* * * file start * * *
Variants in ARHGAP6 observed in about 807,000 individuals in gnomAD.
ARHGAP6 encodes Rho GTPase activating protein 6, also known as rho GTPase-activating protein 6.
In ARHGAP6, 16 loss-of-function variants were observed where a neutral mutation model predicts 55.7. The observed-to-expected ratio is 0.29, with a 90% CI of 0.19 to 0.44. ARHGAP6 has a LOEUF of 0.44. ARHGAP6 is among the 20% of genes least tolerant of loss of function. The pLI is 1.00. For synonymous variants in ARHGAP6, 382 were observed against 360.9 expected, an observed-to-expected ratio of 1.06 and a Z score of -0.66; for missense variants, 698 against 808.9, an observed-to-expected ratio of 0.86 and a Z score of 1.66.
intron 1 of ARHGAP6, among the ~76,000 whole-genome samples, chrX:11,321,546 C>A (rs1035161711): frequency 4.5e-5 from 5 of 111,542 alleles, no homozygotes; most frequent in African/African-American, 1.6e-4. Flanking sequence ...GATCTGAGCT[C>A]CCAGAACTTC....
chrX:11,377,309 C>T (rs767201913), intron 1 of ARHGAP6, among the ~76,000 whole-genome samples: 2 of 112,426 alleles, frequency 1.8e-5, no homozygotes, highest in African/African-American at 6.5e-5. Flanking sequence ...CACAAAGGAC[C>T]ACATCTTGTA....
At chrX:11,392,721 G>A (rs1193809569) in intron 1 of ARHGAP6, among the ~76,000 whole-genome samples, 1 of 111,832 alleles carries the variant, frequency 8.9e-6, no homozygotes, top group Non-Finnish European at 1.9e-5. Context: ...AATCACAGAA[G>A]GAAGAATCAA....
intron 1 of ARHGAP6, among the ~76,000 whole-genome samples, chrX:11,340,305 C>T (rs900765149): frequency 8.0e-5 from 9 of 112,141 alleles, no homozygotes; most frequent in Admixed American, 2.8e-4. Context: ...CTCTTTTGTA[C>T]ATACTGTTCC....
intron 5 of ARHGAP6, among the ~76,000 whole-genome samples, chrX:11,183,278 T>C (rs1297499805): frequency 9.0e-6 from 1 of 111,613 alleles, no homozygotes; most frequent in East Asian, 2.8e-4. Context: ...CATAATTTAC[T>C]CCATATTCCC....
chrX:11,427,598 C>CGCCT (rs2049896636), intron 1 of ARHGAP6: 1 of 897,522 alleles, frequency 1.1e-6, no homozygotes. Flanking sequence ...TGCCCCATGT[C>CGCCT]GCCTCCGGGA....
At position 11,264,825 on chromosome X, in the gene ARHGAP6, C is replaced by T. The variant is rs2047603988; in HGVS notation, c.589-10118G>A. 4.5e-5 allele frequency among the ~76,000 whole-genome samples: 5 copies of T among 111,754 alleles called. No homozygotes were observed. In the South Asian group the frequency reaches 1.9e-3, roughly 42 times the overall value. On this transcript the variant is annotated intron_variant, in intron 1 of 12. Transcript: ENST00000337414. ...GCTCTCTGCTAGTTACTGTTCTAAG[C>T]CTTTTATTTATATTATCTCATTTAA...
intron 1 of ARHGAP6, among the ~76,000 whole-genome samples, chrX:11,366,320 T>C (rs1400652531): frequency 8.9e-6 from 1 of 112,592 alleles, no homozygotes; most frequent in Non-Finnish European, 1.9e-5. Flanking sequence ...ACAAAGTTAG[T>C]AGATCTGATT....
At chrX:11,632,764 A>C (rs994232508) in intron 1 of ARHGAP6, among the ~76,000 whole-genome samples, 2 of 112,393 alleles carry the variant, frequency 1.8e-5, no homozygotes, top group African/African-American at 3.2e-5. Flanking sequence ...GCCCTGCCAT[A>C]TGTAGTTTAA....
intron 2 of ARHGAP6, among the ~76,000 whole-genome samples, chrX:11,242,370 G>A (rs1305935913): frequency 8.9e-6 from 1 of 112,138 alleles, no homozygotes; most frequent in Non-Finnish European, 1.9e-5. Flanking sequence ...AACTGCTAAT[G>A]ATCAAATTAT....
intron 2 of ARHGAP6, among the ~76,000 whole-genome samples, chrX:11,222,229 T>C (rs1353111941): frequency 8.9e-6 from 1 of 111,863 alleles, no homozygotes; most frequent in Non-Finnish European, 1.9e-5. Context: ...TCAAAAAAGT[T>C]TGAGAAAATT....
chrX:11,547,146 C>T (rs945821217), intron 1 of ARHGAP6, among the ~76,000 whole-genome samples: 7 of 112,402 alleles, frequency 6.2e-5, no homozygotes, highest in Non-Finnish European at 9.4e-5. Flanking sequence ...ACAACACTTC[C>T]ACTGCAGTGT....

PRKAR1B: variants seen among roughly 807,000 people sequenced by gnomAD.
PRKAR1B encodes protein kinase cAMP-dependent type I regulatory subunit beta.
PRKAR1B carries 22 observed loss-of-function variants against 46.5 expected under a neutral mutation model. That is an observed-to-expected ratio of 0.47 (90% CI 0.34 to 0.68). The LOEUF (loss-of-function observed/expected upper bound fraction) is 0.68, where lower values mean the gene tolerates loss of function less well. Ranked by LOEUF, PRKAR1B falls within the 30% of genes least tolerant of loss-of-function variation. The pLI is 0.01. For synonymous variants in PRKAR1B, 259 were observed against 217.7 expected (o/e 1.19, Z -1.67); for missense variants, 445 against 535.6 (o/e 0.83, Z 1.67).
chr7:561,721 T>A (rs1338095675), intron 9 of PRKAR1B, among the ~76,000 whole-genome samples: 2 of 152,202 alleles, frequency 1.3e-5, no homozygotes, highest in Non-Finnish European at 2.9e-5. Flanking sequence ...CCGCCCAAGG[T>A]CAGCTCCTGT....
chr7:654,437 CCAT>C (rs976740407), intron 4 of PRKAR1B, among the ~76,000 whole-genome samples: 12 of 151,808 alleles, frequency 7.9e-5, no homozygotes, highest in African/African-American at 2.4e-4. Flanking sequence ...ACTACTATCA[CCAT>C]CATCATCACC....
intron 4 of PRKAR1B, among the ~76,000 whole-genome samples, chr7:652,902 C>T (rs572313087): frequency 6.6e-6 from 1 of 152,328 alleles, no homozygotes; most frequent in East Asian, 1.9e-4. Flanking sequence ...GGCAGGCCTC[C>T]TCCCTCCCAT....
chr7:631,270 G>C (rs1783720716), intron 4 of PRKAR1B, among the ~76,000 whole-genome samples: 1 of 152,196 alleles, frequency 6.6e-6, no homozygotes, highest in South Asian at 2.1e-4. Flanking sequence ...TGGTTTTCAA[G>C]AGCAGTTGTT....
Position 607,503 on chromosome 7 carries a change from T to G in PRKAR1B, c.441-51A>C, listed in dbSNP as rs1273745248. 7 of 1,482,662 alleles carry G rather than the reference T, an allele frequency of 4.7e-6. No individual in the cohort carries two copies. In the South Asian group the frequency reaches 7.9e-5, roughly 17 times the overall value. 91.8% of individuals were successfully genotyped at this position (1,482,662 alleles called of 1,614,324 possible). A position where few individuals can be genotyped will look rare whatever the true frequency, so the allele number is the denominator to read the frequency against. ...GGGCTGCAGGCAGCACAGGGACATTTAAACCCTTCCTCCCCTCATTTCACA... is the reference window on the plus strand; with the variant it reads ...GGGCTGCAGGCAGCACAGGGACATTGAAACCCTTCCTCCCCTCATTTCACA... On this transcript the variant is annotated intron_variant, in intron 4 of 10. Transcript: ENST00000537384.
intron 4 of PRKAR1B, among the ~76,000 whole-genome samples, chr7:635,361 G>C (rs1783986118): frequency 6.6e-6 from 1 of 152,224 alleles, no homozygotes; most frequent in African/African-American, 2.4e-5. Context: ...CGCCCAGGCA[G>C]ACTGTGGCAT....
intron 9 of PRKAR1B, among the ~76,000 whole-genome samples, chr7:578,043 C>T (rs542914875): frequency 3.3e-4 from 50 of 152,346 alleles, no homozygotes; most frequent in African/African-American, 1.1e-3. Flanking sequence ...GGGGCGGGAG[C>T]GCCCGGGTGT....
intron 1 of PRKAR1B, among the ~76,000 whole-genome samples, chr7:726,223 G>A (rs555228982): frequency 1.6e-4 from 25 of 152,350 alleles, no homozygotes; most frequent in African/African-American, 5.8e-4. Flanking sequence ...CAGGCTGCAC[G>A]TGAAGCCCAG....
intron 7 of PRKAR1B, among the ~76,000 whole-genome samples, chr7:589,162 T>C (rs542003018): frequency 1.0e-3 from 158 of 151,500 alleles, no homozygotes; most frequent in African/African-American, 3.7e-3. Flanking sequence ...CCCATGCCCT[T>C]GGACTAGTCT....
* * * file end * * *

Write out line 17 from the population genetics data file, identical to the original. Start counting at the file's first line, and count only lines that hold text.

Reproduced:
PRKAR1B encodes protein kinase cAMP-dependent type I regulatory subunit beta.